Ingrid Odegard MSc
senior researcher/consultant, coordinator Food chains
Expertise: LCA, food, biomass, biobased economy, circular economy, phosphate recovery
When it comes to sustainability, food is coming increasingly into the spotlight. Meat production, in particular, makes a substantial contribution to our consumption footprint in the West. In the context of the ‘protein transition’ (from animal to vegetable) and the shift towards more sustainable eating habits there are still major steps to be made. It’s important there’s solid information available on the environmental impact of those habits and I’m glad to help develop ideas and options for a food system that’s more in line with the carrying capacity of our planet.
One of the things that interests me is that food and biomass issues are not just about environmental impact. Issues like animal welfare, the economy, the living environment, public health and labour conditions are also important aspects of a sustainable food system. And the same holds for resolving the huge discrepancies in dietary patterns around the world and the major differences in environmental impact between agricultural import and export nations. What interests me in particular is conducting analyses in which all these various perspectives need to be weighed up.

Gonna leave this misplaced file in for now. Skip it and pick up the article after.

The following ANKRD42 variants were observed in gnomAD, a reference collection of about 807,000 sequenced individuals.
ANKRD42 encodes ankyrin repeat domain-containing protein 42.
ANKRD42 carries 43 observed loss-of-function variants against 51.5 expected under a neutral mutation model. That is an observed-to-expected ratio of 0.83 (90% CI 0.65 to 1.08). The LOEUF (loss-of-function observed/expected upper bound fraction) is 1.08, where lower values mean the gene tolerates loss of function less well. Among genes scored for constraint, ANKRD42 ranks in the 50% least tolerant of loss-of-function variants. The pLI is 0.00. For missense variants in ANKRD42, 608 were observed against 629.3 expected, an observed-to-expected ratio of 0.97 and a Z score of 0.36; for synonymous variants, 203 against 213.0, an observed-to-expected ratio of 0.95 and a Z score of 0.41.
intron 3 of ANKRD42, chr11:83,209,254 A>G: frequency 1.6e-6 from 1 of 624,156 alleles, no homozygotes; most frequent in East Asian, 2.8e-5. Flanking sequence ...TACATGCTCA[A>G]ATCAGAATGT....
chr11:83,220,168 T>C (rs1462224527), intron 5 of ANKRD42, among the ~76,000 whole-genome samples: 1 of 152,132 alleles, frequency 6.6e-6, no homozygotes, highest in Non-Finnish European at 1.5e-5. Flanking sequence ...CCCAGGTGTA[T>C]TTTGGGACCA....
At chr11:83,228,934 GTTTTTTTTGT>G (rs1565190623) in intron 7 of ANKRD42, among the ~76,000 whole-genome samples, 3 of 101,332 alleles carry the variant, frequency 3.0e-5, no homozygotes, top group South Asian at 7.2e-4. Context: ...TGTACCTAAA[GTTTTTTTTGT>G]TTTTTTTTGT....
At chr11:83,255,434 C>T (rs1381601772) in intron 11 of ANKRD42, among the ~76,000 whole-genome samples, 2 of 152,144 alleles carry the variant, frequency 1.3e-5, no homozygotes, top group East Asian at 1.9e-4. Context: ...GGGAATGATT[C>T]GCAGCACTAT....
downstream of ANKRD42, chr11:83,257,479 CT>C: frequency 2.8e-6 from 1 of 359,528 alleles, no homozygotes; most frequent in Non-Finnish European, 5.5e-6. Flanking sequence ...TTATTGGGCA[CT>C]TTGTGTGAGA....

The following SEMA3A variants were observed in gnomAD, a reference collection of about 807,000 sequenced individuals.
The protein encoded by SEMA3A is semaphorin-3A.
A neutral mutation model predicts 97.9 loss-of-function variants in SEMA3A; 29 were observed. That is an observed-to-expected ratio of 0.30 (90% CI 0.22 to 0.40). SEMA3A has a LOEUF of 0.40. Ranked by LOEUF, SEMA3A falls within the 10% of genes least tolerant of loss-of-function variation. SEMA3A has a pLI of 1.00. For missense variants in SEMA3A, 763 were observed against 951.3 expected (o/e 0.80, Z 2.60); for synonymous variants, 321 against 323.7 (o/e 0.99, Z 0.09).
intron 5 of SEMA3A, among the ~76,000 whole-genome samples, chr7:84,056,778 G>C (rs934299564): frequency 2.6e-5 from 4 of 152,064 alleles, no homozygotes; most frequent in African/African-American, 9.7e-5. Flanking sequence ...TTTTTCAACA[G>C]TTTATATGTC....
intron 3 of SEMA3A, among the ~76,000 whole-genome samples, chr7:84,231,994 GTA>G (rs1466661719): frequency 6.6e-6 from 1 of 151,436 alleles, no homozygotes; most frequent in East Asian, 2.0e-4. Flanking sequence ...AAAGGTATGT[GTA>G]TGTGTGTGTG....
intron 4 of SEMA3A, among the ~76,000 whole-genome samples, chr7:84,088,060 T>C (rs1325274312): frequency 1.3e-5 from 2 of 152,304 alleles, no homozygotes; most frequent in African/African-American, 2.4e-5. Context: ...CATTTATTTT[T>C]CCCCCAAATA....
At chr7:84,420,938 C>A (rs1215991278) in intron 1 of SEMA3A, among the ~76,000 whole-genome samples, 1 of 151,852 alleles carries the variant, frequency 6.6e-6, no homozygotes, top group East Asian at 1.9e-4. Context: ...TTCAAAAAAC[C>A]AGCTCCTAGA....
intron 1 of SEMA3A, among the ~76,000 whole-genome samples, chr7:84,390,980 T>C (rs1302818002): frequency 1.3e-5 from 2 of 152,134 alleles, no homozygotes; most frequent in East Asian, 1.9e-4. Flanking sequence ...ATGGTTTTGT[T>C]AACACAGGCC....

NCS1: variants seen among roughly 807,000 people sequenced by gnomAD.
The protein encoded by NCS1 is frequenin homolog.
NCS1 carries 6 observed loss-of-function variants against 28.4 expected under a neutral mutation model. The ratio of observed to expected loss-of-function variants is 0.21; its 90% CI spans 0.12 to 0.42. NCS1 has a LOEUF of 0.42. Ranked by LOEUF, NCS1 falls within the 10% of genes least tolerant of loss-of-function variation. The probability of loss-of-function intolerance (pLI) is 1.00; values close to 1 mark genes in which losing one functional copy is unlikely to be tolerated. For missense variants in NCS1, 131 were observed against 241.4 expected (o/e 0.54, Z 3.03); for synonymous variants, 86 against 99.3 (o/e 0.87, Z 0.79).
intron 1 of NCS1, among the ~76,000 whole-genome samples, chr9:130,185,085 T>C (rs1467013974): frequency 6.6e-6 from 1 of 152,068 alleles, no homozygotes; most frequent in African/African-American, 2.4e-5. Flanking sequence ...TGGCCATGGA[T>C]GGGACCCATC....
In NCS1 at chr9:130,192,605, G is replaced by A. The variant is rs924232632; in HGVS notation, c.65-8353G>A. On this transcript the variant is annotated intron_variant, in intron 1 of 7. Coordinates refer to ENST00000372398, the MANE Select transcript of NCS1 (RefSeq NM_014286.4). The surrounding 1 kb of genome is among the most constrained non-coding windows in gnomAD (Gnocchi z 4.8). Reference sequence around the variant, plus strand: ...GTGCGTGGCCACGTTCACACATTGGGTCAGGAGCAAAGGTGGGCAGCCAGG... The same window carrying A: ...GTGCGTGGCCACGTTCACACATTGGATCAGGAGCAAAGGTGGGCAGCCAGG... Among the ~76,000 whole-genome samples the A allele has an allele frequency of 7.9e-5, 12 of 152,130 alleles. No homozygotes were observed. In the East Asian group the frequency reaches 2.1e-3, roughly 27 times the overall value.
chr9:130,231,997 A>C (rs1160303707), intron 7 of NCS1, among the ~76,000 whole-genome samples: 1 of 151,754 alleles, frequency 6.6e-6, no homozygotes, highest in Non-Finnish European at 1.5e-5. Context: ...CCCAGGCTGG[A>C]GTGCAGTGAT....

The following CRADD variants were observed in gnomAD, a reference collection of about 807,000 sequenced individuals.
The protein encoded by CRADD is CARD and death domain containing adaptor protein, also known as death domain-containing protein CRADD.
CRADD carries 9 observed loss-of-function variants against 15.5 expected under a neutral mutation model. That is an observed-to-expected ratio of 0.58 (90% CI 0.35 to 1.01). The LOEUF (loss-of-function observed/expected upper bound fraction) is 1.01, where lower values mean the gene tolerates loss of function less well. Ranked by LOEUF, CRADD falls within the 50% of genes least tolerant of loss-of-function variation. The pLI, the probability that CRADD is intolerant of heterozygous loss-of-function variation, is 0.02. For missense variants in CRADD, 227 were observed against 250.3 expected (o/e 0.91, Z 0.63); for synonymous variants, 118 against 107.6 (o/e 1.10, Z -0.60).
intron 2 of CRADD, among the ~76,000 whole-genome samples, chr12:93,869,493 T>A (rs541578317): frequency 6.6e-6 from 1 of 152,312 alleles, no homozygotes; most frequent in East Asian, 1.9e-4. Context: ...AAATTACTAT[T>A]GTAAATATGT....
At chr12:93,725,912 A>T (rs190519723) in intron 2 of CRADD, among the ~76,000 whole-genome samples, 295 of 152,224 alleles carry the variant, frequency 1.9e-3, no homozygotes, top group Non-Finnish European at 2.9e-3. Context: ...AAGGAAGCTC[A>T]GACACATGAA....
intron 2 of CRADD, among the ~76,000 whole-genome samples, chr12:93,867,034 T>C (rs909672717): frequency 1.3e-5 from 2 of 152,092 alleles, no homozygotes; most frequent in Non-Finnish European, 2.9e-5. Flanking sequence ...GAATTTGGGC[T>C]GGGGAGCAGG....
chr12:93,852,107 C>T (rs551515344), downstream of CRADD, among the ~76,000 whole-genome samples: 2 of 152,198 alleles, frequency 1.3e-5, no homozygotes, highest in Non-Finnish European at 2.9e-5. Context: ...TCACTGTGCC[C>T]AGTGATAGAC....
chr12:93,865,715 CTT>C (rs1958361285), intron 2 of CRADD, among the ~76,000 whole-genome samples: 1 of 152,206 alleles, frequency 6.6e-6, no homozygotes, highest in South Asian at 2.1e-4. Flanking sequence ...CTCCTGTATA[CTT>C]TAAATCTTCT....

Working on the Supply Chain Analysis team, I do a lot of Life Cycle Assessments (LCA), a good method for comparing the footprints of products and services. Because most of the cases we’re presented with are complex, this method on its own is not enough, though. Which in my view is when it really starts to get interesting. In one’s analysis, how can one best get to grips with processes that have not yet been taken into production, with issues that are hard or impossible to pin down in LCA , and how exactly does one weigh up benefits and drawbacks?
As a senior consultant, I’m always fully involved with heading up the projects we undertake for ministries, industries, NGOs and trade associations. The issues we address are as diverse as the projects themselves, but they consistently give me plenty of opportunity for contributing to a more sustainable world.
Sustainability was at the core of my academic education. After my bachelor’s in Sustainable Molecular Science & Technology at Delft Technological University and the University of Leiden, I completed a master’s in Industrial Ecology at the same universities.